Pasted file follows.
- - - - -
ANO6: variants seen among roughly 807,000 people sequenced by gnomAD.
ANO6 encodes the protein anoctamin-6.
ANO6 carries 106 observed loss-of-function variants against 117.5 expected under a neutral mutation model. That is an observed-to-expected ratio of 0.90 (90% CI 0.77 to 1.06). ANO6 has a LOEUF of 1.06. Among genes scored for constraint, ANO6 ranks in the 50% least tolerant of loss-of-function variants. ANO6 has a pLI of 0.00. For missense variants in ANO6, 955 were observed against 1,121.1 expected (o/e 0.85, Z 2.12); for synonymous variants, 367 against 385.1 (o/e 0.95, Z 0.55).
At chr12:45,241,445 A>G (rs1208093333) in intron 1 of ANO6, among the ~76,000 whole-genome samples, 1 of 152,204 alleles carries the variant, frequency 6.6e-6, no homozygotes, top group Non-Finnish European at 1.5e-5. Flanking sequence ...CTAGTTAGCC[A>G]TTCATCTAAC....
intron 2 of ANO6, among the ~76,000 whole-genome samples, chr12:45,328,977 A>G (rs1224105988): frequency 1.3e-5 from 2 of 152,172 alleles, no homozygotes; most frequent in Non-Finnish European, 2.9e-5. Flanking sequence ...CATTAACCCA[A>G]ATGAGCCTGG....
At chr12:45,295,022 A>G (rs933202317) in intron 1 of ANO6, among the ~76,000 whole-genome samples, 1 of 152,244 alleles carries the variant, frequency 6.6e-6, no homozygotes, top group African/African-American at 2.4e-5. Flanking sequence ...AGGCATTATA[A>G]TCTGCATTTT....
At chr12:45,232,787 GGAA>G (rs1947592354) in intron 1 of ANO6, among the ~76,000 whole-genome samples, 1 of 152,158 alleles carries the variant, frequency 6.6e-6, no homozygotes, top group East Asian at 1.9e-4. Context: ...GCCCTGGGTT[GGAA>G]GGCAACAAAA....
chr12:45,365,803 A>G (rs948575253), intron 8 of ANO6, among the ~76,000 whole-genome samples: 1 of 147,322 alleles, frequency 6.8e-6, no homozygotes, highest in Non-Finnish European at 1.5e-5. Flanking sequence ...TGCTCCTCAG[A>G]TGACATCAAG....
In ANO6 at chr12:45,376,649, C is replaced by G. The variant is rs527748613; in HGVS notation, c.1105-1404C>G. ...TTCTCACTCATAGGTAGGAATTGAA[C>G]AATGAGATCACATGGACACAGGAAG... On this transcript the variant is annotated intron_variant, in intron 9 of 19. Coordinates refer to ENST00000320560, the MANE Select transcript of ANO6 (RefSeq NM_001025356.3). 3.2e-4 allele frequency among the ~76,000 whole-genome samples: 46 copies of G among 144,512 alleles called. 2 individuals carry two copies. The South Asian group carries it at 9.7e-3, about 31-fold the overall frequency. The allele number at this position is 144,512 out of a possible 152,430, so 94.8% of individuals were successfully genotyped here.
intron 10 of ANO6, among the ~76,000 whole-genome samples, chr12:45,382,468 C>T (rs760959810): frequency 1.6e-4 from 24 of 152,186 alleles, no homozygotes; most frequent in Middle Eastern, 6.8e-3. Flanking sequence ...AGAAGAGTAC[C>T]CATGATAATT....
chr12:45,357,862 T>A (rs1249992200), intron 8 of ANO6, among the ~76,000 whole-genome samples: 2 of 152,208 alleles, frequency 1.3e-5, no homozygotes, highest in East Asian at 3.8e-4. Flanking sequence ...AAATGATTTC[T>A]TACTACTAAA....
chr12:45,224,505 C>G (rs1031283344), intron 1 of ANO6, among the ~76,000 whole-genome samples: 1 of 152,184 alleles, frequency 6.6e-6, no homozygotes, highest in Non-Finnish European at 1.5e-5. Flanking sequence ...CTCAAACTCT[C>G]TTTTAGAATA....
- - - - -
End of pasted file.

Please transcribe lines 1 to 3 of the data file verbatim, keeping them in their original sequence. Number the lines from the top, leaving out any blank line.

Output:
ANO6: variants seen among roughly 807,000 people sequenced by gnomAD.
ANO6 encodes the protein anoctamin-6.
ANO6 carries 106 observed loss-of-function variants against 117.5 expected under a neutral mutation model. That is an observed-to-expected ratio of 0.90 (90% CI 0.77 to 1.06). ANO6 has a LOEUF of 1.06. Among genes scored for constraint, ANO6 ranks in the 50% least tolerant of loss-of-function variants. ANO6 has a pLI of 0.00. For missense variants in ANO6, 955 were observed against 1,121.1 expected (o/e 0.85, Z 2.12); for synonymous variants, 367 against 385.1 (o/e 0.95, Z 0.55).